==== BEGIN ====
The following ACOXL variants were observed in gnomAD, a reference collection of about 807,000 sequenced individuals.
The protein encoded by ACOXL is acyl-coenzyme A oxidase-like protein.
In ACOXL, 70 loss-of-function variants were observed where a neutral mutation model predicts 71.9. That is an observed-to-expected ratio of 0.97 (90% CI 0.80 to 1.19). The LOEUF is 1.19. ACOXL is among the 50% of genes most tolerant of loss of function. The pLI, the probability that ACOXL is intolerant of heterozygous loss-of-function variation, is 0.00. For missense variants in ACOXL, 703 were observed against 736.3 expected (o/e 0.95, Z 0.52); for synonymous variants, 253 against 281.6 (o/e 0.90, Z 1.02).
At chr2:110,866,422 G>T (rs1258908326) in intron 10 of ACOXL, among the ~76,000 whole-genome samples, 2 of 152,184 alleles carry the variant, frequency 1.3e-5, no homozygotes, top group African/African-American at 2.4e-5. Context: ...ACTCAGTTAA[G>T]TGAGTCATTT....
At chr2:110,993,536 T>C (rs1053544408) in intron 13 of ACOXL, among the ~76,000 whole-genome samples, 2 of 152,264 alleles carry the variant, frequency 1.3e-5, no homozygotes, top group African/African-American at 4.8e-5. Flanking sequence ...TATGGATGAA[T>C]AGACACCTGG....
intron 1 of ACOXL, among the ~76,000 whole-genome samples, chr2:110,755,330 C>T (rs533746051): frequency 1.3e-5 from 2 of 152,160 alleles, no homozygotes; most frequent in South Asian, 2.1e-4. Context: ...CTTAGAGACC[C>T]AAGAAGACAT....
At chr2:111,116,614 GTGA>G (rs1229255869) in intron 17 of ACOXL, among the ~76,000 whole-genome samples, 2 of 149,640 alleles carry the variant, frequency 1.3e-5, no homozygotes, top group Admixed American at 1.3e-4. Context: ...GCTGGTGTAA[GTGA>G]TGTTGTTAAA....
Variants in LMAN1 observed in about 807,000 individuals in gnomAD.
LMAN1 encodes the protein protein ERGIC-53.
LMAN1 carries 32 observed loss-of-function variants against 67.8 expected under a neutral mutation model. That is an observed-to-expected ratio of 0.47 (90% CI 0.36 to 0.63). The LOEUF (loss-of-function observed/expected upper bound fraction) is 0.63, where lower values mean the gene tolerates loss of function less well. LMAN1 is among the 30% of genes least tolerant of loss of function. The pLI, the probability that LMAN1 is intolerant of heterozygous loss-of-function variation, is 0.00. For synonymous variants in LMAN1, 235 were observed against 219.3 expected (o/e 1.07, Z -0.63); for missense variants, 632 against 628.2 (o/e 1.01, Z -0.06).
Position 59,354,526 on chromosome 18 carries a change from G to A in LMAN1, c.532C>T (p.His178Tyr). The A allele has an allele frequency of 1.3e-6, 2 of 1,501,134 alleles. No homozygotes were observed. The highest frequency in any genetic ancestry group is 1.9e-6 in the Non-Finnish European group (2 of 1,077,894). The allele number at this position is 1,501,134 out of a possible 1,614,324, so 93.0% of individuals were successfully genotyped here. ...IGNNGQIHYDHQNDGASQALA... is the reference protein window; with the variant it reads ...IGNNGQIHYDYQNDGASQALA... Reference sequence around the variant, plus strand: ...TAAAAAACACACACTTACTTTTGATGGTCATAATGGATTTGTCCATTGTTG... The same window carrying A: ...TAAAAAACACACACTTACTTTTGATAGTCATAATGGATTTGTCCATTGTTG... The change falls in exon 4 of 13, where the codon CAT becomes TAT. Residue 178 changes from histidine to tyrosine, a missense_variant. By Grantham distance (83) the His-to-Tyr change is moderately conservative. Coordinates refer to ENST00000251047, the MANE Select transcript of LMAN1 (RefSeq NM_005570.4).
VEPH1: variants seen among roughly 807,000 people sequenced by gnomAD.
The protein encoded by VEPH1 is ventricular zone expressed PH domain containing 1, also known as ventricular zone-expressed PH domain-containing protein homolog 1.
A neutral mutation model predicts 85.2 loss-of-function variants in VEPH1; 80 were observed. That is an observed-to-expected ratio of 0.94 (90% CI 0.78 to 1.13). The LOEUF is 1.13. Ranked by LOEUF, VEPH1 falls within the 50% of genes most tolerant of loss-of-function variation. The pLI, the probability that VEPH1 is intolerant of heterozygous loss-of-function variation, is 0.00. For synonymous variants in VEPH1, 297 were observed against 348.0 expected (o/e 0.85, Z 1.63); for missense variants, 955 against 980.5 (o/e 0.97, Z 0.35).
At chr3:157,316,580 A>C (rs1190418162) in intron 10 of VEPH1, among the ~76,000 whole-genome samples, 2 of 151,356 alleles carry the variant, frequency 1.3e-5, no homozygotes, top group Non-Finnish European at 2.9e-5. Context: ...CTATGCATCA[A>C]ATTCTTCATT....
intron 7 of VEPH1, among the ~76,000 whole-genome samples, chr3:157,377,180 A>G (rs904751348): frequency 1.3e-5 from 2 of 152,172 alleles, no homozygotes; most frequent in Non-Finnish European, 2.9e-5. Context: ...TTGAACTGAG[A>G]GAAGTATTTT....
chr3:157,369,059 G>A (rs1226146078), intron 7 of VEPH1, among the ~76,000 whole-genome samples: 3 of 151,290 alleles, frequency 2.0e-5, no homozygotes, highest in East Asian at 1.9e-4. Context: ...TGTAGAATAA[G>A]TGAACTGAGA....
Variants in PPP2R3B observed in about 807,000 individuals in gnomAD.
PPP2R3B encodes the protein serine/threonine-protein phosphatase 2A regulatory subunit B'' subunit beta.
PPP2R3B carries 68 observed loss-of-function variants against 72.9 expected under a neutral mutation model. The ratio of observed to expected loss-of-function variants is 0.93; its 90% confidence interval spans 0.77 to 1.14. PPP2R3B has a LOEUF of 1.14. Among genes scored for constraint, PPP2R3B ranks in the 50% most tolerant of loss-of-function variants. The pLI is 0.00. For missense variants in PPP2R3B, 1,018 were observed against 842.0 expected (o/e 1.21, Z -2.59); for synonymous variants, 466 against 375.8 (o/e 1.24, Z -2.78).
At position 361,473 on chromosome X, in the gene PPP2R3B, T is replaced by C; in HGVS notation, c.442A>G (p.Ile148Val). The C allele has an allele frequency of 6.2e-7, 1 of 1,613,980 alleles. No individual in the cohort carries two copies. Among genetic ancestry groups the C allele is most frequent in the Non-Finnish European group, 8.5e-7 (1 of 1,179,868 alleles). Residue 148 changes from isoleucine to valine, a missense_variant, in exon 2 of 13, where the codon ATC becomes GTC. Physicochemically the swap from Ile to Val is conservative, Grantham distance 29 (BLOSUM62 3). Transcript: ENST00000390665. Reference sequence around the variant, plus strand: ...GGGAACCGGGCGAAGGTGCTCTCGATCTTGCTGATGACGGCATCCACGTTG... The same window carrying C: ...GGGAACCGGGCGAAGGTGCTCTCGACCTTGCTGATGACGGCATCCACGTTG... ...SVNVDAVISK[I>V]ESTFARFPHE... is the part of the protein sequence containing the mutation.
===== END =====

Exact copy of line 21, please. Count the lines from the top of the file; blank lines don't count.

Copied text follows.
At position 361,473 on chromosome X, in the gene PPP2R3B, T is replaced by C; in HGVS notation, c.442A>G (p.Ile148Val). The C allele has an allele frequency of 6.2e-7, 1 of 1,613,980 alleles. No individual in the cohort carries two copies. Among genetic ancestry groups the C allele is most frequent in the Non-Finnish European group, 8.5e-7 (1 of 1,179,868 alleles). Residue 148 changes from isoleucine to valine, a missense_variant, in exon 2 of 13, where the codon ATC becomes GTC. Physicochemically the swap from Ile to Val is conservative, Grantham distance 29 (BLOSUM62 3). Transcript: ENST00000390665. Reference sequence around the variant, plus strand: ...GGGAACCGGGCGAAGGTGCTCTCGATCTTGCTGATGACGGCATCCACGTTG... The same window carrying C: ...GGGAACCGGGCGAAGGTGCTCTCGACCTTGCTGATGACGGCATCCACGTTG... ...SVNVDAVISK[I>V]ESTFARFPHE... is the part of the protein sequence containing the mutation.